Sarah Lawrence College will break ground on May 23 for a new 60,000 square foot visual arts center, representing a new vision for the way the visual arts are taught. Designed by Susan Rodriguez of Polshek Partnership Architects, the building will provide the national liberal arts college — renowned for the integration of the performing and creative arts into its academically rigorous curriculum — with a building that can meet the increasing and changing demands for studies in the visual arts and visual culture at Sarah Lawrence.
"The building of the Monika A. and Charles A. Heimbold, Jr. Visual Arts Center comes at a time of increasing impact of visual images in our culture," said Michele Tolela Myers, president of the College.
Sarah Lawrence alumna Nancy Spector, a curator at the Guggenheim Museum in Manhattan, explained that the current state of the visual arts is changing and that it is important to create a building that reflects the interdisciplinary nature of the arts today. "Artists themselves are moving past specific boundaries. Interdisciplinary art is, in essence, the key to our contemporary culture."
Designing the building brought numerous challenges for the architects, some of which were intrinsic to the housing of the visual arts at a college committed to the interdisciplinary approach to teaching. Others included situating a 60,000 square foot contemporary building between smaller 1920s-era Tudor style buildings on a campus located in a quiet residential neighborhood. Questions the architects had to answer included how to create a building that would enable the interdisciplinary teaching of the visual arts, as well as allowing for the one-on-one student-faculty conferencing that is a hallmark of education at Sarah Lawrence, and how to create a building that would bridge a campus divided by a roadway and an historic predominance of buildings on one side.
The building's design includes the integration of technology as a fundamental tool within the arts. A new media soundstage, darkroom, facilities for printmaking, and a visual resources library will be prominent features of the Center. Ateliers, consisting of private work areas, will be clustered around support facilities and may be used interchangeably for sculpture, painting and other media. Large garage-like sliding doors will open to the outside, easily accommodating the movement of large works and allowing an abundance of natural light.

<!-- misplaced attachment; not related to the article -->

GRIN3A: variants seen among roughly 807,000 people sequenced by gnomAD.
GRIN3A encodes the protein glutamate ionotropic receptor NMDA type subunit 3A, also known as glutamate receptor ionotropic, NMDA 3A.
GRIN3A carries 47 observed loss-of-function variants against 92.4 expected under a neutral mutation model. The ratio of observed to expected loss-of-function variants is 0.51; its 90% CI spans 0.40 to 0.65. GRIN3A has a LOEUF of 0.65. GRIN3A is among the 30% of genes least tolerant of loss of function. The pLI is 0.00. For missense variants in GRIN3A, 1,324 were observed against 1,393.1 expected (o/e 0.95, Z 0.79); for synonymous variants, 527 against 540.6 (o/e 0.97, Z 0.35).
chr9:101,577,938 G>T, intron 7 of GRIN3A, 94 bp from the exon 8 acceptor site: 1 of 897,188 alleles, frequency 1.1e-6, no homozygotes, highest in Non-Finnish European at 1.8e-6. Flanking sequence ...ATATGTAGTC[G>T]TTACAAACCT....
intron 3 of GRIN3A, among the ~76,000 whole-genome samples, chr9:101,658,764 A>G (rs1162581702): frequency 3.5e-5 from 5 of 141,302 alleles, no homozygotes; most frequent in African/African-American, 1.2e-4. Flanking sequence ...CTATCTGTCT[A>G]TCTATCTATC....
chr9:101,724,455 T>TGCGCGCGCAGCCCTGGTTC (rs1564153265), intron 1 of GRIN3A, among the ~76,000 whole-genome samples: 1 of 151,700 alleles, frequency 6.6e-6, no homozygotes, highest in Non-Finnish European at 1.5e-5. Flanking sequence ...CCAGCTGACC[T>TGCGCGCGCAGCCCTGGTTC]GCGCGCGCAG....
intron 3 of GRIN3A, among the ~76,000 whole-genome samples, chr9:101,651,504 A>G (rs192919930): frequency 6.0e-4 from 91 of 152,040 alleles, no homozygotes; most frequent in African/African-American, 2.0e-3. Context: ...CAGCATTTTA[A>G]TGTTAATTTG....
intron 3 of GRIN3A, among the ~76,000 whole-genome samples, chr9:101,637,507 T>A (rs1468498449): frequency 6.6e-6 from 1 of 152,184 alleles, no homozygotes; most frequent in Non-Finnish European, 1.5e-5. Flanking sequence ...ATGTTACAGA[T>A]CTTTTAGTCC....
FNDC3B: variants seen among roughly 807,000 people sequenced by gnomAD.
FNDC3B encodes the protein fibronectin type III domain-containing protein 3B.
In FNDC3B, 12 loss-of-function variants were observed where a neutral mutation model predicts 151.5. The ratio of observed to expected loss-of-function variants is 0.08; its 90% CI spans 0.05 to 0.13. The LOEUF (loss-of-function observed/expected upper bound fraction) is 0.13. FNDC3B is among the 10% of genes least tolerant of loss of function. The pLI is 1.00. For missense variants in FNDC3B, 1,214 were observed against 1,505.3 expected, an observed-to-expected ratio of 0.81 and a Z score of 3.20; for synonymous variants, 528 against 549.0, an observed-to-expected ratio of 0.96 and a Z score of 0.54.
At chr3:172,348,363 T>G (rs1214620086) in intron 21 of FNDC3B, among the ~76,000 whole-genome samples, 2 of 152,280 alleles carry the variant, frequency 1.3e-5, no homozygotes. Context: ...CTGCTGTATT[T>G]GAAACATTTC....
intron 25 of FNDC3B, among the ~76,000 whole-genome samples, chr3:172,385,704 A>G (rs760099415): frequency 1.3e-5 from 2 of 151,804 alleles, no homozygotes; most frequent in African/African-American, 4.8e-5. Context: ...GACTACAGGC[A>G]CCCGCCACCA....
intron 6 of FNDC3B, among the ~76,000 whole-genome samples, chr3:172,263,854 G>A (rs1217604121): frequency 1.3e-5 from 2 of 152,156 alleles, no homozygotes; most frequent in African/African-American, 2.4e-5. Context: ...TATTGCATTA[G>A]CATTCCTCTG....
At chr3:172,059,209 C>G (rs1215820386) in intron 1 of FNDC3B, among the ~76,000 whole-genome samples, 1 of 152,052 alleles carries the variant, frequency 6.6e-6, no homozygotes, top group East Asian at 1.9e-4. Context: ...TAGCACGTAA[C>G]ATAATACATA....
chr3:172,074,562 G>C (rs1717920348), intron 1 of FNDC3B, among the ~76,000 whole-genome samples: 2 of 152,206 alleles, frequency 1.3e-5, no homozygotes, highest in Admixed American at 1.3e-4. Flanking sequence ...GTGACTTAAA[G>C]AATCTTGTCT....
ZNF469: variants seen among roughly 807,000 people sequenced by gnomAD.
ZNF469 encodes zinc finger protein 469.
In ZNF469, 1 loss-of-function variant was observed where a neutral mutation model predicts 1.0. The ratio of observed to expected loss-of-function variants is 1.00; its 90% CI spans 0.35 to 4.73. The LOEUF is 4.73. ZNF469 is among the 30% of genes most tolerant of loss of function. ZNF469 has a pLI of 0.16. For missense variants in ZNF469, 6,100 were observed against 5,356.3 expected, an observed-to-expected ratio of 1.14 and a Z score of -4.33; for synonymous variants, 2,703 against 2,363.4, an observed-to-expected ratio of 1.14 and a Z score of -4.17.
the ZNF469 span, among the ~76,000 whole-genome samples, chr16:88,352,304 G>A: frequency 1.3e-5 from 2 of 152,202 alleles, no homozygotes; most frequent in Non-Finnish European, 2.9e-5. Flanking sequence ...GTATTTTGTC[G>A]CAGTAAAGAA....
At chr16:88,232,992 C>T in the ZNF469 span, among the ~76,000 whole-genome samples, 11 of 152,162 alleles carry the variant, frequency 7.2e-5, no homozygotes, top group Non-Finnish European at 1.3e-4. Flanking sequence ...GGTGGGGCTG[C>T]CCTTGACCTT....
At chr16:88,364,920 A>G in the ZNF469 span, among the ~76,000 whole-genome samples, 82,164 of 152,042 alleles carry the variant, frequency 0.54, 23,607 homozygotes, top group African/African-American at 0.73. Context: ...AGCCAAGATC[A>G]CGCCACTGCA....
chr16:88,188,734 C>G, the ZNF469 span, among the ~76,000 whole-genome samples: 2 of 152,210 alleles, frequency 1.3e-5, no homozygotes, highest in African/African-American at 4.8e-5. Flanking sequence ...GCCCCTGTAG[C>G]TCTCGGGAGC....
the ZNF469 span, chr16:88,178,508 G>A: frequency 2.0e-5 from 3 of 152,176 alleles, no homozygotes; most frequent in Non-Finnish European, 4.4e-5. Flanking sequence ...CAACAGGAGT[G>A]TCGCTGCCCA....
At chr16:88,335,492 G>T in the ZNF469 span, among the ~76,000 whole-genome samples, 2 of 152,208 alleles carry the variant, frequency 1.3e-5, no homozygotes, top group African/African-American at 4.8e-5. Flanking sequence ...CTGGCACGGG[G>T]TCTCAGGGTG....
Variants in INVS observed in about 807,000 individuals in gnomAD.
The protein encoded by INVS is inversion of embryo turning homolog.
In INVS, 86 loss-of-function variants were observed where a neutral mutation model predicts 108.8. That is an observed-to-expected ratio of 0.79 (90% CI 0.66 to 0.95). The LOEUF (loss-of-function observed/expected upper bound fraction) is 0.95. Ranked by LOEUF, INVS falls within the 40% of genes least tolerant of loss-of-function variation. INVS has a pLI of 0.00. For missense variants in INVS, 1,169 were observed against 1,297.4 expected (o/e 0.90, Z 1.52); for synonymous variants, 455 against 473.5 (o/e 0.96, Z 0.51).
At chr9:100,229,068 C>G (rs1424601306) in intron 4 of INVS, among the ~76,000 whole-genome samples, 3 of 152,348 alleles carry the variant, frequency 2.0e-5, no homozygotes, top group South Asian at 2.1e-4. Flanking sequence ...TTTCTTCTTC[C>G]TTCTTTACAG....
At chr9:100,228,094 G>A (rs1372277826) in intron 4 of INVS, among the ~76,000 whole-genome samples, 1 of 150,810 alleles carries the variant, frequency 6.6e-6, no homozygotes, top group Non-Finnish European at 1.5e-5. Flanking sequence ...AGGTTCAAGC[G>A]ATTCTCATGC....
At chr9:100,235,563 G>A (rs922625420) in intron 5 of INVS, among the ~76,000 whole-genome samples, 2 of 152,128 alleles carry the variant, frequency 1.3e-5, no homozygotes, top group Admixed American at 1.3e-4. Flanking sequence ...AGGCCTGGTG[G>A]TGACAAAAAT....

Designed to retain the undulating topography of the campus and to minimize any impact on surrounding buildings and residences, the three-level center will be built into a hill, with the first level partially below ground. A large rooftop terrace with grassy, landscaped areas will help create the illusion of a smaller building. Natural materials - stone, wood, zinc and glass — will reflect the material quality of its adjacent buildings.
With a challenge grant from alumna Josephine A. Merck to create a "green building" and with support from alumna Joanne Woodward and Paul Newman through Newman's Own, the Monika A. and Charles A. Heimbold, Jr. Visual Arts Center has been sited and designed — and will be constructed, operated and maintained — to minimize the impact on the environment, and for the health and well being of its occupants and neighbors. A major focus is careful attention to the environmental impact of wastes and fumes, a problem inherent to materials used in the visual arts. The design calls for recycled and renewable materials - including the rock removed from the ground to situate the building. It also focuses on minimizing water and energy use and includes a geothermal heating and cooling system. The College is committed to meeting the LEED certification requirements created by the U.S. Green Building Council, a national coalition of leaders from the building industry, environmental organizations, building and design professions and others concerned with the adoption of green building practices, technologies, policies, and standards.
The Center will be an important community resource in the visual arts, adding exhibit space and a lecture hall/film viewing theatre that will offer many cultural opportunities open to the public.
The Monika A. and Charles A. Heimbold, Jr. Visual Arts Center is the centerpiece of a $25 million building project that is part of a $75 million campaign: "The Sarah Lawrence Difference. Preserve it. Enrich it."